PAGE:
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April 11, 2013
April 11, 2013
Doriane Miller, MD, has been appointed to serve a one-year term on the Patient-Centered Outcomes Research Institute (PCORI) Advisory Panel on Addressing Disparities. Miller is an associate professor of medicine at the University of Chicago and specializes in general internal medicine. She is widely known for her expertise in community-engaged research.
Researchers at PCORI, a non-profit organization authorized by Congress in 2010, work to provide the best available information to help patients and their health care providers make more informed decisions. PCORI's research is intended to give patients a better understanding of the prevention, treatment and care options available, and the science that supports those options.
Miller will represent patients, caregivers and patient advocates on the Advisory Panel on Addressing Disparities. She was selected from among more than 1,000 applicants for one of PCORI's four advisory panels, which correspond to the organization's priorities: addressing disparities; assessing prevention, diagnosis and treatment options; improving health care systems; and advancing patient engagement. Each panel has 21 members representing different health care sectors.
"I am honored to be elected to the PCORI health disparities panel," Miller said. "The University of Chicago has a strong tradition of community-based scholarship and patient-centered care."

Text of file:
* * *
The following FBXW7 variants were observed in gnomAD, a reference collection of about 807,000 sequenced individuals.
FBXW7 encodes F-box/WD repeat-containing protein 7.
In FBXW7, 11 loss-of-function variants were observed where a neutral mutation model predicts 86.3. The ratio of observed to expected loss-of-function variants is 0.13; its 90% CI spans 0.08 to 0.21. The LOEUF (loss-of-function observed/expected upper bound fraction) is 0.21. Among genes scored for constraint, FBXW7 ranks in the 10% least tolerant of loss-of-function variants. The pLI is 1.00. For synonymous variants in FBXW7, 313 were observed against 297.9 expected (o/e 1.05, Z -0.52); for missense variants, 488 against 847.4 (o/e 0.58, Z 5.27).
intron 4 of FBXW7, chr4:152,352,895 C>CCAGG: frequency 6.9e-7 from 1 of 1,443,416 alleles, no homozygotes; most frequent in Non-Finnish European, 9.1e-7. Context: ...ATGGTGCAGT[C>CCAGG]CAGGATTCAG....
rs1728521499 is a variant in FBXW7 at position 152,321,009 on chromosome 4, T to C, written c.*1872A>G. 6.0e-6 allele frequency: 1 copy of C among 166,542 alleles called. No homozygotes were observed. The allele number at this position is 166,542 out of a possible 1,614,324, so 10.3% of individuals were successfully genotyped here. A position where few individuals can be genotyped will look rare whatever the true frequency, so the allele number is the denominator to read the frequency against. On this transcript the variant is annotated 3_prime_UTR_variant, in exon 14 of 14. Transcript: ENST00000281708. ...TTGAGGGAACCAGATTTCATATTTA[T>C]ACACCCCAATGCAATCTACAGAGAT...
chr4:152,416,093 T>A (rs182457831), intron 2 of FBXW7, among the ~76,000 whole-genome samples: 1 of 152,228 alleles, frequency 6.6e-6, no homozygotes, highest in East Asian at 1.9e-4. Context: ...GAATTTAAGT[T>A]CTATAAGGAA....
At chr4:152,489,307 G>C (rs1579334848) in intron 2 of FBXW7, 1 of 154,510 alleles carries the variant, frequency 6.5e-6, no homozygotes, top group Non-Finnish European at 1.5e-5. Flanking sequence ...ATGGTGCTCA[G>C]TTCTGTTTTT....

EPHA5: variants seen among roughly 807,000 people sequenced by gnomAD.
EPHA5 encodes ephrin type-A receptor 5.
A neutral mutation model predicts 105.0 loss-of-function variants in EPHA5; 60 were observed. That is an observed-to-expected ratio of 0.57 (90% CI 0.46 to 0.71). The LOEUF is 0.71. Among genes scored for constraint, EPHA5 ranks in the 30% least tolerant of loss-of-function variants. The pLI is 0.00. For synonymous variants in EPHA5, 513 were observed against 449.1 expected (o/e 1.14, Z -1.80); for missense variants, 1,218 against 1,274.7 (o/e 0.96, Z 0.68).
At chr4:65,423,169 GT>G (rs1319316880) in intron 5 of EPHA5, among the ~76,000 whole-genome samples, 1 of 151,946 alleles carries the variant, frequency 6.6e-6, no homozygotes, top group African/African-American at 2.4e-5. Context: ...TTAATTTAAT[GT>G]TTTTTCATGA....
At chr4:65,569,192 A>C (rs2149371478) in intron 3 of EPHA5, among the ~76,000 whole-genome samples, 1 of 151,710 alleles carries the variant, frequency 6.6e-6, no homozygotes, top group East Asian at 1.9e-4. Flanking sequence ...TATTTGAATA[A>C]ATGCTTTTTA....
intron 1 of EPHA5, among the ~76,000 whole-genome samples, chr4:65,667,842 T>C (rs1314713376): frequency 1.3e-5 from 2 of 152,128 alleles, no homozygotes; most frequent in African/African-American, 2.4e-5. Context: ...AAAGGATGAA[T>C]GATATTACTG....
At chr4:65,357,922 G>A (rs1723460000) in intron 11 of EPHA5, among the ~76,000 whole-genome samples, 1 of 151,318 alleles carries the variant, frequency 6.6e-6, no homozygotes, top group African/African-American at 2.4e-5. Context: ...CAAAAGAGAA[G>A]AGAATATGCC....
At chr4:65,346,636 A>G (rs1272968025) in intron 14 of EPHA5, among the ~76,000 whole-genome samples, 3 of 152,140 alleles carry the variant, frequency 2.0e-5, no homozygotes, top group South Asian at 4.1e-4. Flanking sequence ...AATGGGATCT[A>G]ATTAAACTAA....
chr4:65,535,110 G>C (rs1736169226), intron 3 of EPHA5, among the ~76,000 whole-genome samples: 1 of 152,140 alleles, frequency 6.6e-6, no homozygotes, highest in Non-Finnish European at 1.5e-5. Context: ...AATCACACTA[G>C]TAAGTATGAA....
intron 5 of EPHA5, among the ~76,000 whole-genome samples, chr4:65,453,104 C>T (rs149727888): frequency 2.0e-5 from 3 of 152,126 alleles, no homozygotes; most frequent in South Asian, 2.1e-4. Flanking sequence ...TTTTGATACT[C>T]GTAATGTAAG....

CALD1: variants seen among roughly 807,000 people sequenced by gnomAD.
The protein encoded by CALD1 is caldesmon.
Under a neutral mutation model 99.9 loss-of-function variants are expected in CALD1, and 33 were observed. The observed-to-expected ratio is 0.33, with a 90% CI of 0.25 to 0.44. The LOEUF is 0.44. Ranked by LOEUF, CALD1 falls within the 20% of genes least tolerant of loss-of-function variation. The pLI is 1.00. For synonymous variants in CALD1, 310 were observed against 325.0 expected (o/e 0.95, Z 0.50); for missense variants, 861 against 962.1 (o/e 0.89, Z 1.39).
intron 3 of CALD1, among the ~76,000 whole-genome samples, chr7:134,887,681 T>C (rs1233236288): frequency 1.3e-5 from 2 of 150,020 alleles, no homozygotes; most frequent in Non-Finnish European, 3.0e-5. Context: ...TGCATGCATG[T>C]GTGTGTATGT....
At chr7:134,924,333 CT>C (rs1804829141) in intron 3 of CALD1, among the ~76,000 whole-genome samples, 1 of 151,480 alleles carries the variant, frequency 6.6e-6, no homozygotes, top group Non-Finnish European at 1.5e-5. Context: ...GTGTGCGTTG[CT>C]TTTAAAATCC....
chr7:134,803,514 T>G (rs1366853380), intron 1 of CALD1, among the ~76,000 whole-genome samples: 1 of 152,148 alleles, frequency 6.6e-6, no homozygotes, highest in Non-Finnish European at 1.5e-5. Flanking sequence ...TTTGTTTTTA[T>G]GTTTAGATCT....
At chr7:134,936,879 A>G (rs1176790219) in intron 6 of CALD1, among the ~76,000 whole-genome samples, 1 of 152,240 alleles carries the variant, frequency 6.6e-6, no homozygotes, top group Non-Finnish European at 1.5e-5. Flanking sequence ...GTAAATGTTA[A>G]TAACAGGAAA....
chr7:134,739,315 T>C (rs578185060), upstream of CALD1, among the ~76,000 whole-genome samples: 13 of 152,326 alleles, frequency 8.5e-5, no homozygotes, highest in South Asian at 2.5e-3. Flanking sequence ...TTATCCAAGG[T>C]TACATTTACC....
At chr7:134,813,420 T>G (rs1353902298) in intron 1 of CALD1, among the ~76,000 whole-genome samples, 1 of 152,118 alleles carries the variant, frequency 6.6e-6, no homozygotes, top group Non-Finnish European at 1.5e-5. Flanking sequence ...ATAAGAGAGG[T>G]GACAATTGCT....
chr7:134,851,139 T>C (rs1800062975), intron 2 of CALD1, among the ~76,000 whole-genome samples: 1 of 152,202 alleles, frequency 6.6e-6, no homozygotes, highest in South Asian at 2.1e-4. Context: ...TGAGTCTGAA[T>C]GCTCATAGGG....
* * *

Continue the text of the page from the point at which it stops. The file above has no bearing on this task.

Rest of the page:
In addition to her clinical duties at the University of Chicago Medicine, Miller serves as the director of the Center for Community Health and Vitality, as well as a co-leader for the Institute for Translational Medicine's Community Engagement Cluster. In these roles, she has conducted groundbreaking community outreach on the topic of neighborhood violence. One of her more high-profile projects, a theatrical production titled, "It Shoudda Been Me," uses actors to communicate the effects of neighborhood violence on today's youth.
"As a member of the PCORI Advisory Panel on Addressing Disparities, I will have the opportunity to share best practices and lessons learned from 25 years of experience in working in under-resourced communities of color," Miller said. "My participation on the advisory panel will allow me to help inform a national conversation on research funding priorities to address health disparities."
By Shanna Williams